November 22, 2010

“The alien who resides with you shall be to you as the citizen among you; you shall love the alien as yourself, for you were aliens in the land of Egypt: I am the Lord your God.” Leviticus 19:34

This Thanksgiving season I have been challenged to remember our immigrant heritage in a new light.  I have been able to participate in several forums in which undocumented immigrants told their story and their hopes for a fair path to citizenship.  Most recently, a young man in high school desiring to go to college talked about the struggles of not being a legal US resident and the way that impacts his options for pursuing education and career.  His dream is to be an engineer with Ferari.

The glimmer of hope for him and other young people like him is a piece of legislation called the DREAM Act.  This bi-partisan bill (Senate Bill 729 and House Bill 1751) would create a pathway to citizenship for young people who were brought to the US as children but remain undocumented.  Youth 16 years or younger who have been in the US at least five years would qualify to begin a process toward permanent citizenship that would allow them to pursue life goals – to their own benefit and that of the country.  It’s not comprehensive immigration reform, but it’s a start.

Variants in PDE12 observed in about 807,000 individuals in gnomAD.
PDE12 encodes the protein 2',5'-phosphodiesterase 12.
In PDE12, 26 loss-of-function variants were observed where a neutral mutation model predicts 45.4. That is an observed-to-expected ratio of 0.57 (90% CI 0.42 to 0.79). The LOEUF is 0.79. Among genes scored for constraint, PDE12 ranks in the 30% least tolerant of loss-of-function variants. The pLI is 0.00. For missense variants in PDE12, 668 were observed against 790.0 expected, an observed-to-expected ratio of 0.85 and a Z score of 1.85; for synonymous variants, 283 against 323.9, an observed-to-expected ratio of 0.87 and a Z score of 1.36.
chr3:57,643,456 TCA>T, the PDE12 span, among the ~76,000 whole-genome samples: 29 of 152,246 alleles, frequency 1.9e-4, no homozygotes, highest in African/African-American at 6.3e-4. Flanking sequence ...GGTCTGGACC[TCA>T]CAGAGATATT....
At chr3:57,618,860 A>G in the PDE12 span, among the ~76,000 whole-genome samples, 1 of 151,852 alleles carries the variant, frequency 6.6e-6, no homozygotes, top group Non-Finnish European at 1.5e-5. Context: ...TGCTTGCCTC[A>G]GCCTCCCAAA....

The word out there now is that the DREAM Act will be coming up for a vote in the US Senate and House the week of November 29th.  Word is being put out to all faith communities to contact Senators and Representatives to urge them to vote Yes.

Go HERE for information about the bill from Church World Service and some helpful info and suggestion for what to say to the person who picks up the phone.  You first call the Capitol switchboard number 202/224-3121, and ask for the office of Senator Brown and/or Voinovich and/or your Representative. 

A personal confession is that calling a Representative is not something I enjoy all that much.  It takes willpower and some discipline to dial the number and give the brief appeal to the staffer who answers the phone.  I actually consider it a spiritual discipline – not that I do it all that regularly, but this is a good time to do it, maybe even make it a family holiday activity.

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